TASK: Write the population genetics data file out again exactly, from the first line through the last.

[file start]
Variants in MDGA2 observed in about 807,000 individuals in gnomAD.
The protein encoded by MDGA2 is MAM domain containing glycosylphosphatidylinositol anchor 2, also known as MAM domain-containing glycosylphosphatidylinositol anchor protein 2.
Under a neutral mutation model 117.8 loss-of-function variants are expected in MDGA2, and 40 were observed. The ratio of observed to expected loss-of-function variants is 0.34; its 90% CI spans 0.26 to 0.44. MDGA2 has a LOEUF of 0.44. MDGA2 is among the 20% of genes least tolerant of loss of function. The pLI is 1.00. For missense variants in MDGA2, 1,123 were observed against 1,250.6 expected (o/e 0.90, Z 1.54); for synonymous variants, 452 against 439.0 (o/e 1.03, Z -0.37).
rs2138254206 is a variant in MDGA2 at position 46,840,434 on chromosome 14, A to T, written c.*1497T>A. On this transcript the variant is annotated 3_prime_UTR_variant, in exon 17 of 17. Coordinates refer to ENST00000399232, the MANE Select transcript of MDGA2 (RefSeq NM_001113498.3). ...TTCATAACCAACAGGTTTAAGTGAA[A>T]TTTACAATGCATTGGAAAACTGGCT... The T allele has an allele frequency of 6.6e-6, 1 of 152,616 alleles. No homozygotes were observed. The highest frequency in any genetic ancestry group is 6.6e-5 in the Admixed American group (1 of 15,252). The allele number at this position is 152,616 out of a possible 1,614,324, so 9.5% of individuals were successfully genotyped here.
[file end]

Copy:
Variants in MDGA2 observed in about 807,000 individuals in gnomAD.
The protein encoded by MDGA2 is MAM domain containing glycosylphosphatidylinositol anchor 2, also known as MAM domain-containing glycosylphosphatidylinositol anchor protein 2.
Under a neutral mutation model 117.8 loss-of-function variants are expected in MDGA2, and 40 were observed. The ratio of observed to expected loss-of-function variants is 0.34; its 90% CI spans 0.26 to 0.44. MDGA2 has a LOEUF of 0.44. MDGA2 is among the 20% of genes least tolerant of loss of function. The pLI is 1.00. For missense variants in MDGA2, 1,123 were observed against 1,250.6 expected (o/e 0.90, Z 1.54); for synonymous variants, 452 against 439.0 (o/e 1.03, Z -0.37).
rs2138254206 is a variant in MDGA2 at position 46,840,434 on chromosome 14, A to T, written c.*1497T>A. On this transcript the variant is annotated 3_prime_UTR_variant, in exon 17 of 17. Coordinates refer to ENST00000399232, the MANE Select transcript of MDGA2 (RefSeq NM_001113498.3). ...TTCATAACCAACAGGTTTAAGTGAA[A>T]TTTACAATGCATTGGAAAACTGGCT... The T allele has an allele frequency of 6.6e-6, 1 of 152,616 alleles. No homozygotes were observed. The highest frequency in any genetic ancestry group is 6.6e-5 in the Admixed American group (1 of 15,252). The allele number at this position is 152,616 out of a possible 1,614,324, so 9.5% of individuals were successfully genotyped here.